Brutal Honesty and Embracing my Body

I was taking a break from work and hanging out outside my place, getting some ‘fresh air’. They’re filming a movie in my soi (the Thai word for street) and I was curious if any interesting people would pass by my place. You never know!  As I was pacing about and having a chat with one of the neighbors, another neighboring lady comes outside pointing at me, shouting that I have become fat ! Really fat ! As if the first statement wasn’t enough, she repeated herself a few more times, just to be sure she made her point. I was stunned. This was in slight contrast to what I was used to in Europe where telling someone flat out they are fat is considered one of the greatest insults (I don’t know what’s more worrisome, the fact that she’s so honest or that I consider it such an insult). Somewhat perplexed, I just shrugged and said, ‘yea, it is what it is’ and retreated back inside, convinced my appearance would probably scare away anyone and it would be better to limit public appearances.

The only ‘benefit’ of the overactive bowel situation and being on thyroid medication (I was diagnosed with hypothyroidism last year), is that I was able to fit into all of my clothes comfortably the past 6 months. No worries about thighs or bottoms that were too explicit for the mini shorts or skirts (that are daily attire when living in a tropical country).

The past months were incredibly frustrating because I was constantly exhausted and in continuous fear of how my bowels would react. When I was complaining to a friend one day about how my body was acting up again, that I felt beside myself and very helpless, she looked at me and said, ‘why don’t you just embrace it?’. I got annoyed with her because why on earth should anyone just accept this?

However, the more I thought about it, it did make some sense. The past years of controlling my body in every way possible hadn’t done me many long-term favors. Determined to keeping my weight in the ‘acceptable range’ and pushing it to extremes by training for a marathon had clearly wreaked havoc on my metabolism. Maybe she was right. Why not give the opposite approach a try and accept the signs my body was giving me and just give in for a change?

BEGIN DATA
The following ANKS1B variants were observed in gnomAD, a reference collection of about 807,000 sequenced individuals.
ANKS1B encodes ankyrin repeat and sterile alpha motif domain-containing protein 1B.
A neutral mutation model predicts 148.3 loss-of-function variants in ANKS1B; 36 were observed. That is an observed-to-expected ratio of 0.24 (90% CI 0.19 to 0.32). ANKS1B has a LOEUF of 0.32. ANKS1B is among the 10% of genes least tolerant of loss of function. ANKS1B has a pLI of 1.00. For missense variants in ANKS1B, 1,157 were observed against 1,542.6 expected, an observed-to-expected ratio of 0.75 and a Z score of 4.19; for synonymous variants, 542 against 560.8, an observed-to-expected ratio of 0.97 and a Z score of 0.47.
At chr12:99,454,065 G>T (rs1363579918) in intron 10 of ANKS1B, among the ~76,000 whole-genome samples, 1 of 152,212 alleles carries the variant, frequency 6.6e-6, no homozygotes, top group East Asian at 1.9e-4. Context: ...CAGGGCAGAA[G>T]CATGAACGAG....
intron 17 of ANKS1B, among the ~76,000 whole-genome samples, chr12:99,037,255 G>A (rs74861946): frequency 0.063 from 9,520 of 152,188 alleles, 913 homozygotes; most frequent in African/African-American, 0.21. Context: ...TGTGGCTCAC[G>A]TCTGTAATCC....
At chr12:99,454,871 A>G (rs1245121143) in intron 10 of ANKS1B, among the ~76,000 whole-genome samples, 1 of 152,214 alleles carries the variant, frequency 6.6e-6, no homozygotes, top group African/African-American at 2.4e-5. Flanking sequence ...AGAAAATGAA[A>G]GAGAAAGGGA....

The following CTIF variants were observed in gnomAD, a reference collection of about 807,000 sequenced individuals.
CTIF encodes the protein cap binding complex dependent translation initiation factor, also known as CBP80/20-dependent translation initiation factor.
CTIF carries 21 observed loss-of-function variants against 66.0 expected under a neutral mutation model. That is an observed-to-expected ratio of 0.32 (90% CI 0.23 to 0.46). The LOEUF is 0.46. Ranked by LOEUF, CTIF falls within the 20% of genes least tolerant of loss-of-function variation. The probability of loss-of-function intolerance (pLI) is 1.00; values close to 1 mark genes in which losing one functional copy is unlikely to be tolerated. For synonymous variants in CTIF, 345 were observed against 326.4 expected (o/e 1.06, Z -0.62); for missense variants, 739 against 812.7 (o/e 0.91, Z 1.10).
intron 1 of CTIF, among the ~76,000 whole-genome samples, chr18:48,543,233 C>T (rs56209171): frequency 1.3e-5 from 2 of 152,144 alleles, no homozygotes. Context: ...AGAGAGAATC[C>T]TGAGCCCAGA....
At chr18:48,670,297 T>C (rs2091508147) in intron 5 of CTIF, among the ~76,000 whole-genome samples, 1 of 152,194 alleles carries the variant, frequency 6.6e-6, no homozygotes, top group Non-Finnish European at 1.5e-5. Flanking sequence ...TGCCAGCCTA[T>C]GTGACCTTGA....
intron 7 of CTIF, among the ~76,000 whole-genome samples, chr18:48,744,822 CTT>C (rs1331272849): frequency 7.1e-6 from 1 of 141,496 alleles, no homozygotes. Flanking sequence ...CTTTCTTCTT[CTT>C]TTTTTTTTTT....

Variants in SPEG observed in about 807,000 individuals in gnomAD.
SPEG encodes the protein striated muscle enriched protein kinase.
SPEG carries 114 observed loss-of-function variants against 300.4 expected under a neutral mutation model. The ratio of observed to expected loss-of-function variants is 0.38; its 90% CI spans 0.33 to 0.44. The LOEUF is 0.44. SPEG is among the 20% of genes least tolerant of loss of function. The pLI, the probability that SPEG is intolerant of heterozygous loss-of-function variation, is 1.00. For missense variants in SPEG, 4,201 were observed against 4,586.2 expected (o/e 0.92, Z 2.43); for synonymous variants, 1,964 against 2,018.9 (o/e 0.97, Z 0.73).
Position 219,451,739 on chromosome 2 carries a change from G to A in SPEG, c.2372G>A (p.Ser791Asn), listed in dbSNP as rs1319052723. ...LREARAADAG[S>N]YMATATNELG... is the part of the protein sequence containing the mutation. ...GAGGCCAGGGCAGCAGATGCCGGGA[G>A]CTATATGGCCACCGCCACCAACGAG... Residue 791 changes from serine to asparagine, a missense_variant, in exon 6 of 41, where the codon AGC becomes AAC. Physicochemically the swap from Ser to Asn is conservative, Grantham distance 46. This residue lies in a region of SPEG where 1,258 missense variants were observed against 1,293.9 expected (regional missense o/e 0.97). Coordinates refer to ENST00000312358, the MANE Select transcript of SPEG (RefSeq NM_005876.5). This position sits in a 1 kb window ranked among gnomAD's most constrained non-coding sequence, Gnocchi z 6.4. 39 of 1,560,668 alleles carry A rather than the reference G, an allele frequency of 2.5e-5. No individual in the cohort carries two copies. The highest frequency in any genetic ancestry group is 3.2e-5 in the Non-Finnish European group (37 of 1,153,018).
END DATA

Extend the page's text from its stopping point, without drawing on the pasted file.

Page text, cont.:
It felt like the moment I didn’t care if I had another bout of diarrhea, that it just stopped. I was listening closely to the signs my body was giving and acting upon them. I avoided food that made me feel unwell and I was getting in as much rest and I possibly could. I stopped forcing myself to run but stuck to walking and swimming instead and I allowed myself to be shamelessly lazy. I quickly felt that I was reaping the benefits of this approach.

As my condition improved the past months, I came off thyroid medication. This combined with the decreased bowel activity, welcomed back some weight along with the necessity to squeeze myself into most of my clothes again and to resort to wider dresses that conveniently don’t take the circumference of my thighs into account. (I have shunned the scales from my life so this is based purely on simply not being able to squeeze both legs into a skirt).

Although I don’t feel as ‘comfortable’ in my clothes, correction, I don’t fit into most of them anymore, knowing I’m no longer on prescription (thyroid) medication and am getting through the days on my own naturally processed energy, beats being able to squeeze into any type of mini shorts. I think I might stick to me friend’s advice and embrace my current voluptuousness or what my neighbor calls ‘fat’, not care what other people think and see whether my body will thank me in the long run.

Comments 1

  1. Christiane

    Having read this I thought it was really enlightening.
    I appreciate you spending some time and effort to
    put this informative article together. I once again find myself personally spending a
    significant amount of time both reading and commenting.
    But so what, it was still worth it!

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